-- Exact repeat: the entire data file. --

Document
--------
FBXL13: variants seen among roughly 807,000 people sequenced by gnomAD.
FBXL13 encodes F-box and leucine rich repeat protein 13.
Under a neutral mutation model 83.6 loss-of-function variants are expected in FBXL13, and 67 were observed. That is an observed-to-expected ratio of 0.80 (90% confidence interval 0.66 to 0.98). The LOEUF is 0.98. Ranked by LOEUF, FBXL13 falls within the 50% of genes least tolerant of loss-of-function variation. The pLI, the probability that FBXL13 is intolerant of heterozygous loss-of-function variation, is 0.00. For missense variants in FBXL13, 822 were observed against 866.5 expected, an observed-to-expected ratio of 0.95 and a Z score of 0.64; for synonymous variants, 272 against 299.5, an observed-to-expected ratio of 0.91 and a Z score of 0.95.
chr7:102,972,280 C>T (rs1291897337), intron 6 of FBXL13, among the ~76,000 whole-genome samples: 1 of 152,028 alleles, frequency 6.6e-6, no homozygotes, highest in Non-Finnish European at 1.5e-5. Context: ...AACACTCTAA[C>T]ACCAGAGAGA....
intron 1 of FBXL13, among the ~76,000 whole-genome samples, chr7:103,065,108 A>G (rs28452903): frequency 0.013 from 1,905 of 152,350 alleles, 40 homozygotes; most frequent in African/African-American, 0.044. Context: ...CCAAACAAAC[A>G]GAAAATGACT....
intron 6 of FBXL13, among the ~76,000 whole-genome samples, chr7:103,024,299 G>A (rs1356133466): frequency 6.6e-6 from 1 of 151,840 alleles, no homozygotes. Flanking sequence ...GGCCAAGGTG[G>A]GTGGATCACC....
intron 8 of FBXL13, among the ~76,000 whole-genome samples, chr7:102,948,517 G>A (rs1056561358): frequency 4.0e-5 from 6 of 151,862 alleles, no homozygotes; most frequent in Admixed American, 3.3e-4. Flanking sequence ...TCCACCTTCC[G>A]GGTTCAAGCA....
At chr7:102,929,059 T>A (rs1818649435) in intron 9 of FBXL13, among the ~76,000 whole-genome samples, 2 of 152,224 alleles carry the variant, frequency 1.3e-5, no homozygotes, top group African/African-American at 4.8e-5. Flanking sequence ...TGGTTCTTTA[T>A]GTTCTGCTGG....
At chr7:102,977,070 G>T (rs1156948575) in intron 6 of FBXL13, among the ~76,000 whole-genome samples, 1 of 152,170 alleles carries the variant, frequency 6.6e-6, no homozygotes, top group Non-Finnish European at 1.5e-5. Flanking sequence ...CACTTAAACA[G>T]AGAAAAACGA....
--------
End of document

FBXL13: variants seen among roughly 807,000 people sequenced by gnomAD.
FBXL13 encodes F-box and leucine rich repeat protein 13.
Under a neutral mutation model 83.6 loss-of-function variants are expected in FBXL13, and 67 were observed. That is an observed-to-expected ratio of 0.80 (90% confidence interval 0.66 to 0.98). The LOEUF is 0.98. Ranked by LOEUF, FBXL13 falls within the 50% of genes least tolerant of loss-of-function variation. The pLI, the probability that FBXL13 is intolerant of heterozygous loss-of-function variation, is 0.00. For missense variants in FBXL13, 822 were observed against 866.5 expected, an observed-to-expected ratio of 0.95 and a Z score of 0.64; for synonymous variants, 272 against 299.5, an observed-to-expected ratio of 0.91 and a Z score of 0.95.
chr7:102,972,280 C>T (rs1291897337), intron 6 of FBXL13, among the ~76,000 whole-genome samples: 1 of 152,028 alleles, frequency 6.6e-6, no homozygotes, highest in Non-Finnish European at 1.5e-5. Context: ...AACACTCTAA[C>T]ACCAGAGAGA....
intron 1 of FBXL13, among the ~76,000 whole-genome samples, chr7:103,065,108 A>G (rs28452903): frequency 0.013 from 1,905 of 152,350 alleles, 40 homozygotes; most frequent in African/African-American, 0.044. Context: ...CCAAACAAAC[A>G]GAAAATGACT....
intron 6 of FBXL13, among the ~76,000 whole-genome samples, chr7:103,024,299 G>A (rs1356133466): frequency 6.6e-6 from 1 of 151,840 alleles, no homozygotes. Flanking sequence ...GGCCAAGGTG[G>A]GTGGATCACC....
intron 8 of FBXL13, among the ~76,000 whole-genome samples, chr7:102,948,517 G>A (rs1056561358): frequency 4.0e-5 from 6 of 151,862 alleles, no homozygotes; most frequent in Admixed American, 3.3e-4. Flanking sequence ...TCCACCTTCC[G>A]GGTTCAAGCA....
At chr7:102,929,059 T>A (rs1818649435) in intron 9 of FBXL13, among the ~76,000 whole-genome samples, 2 of 152,224 alleles carry the variant, frequency 1.3e-5, no homozygotes, top group African/African-American at 4.8e-5. Flanking sequence ...TGGTTCTTTA[T>A]GTTCTGCTGG....
At chr7:102,977,070 G>T (rs1156948575) in intron 6 of FBXL13, among the ~76,000 whole-genome samples, 1 of 152,170 alleles carries the variant, frequency 6.6e-6, no homozygotes, top group Non-Finnish European at 1.5e-5. Flanking sequence ...CACTTAAACA[G>T]AGAAAAACGA....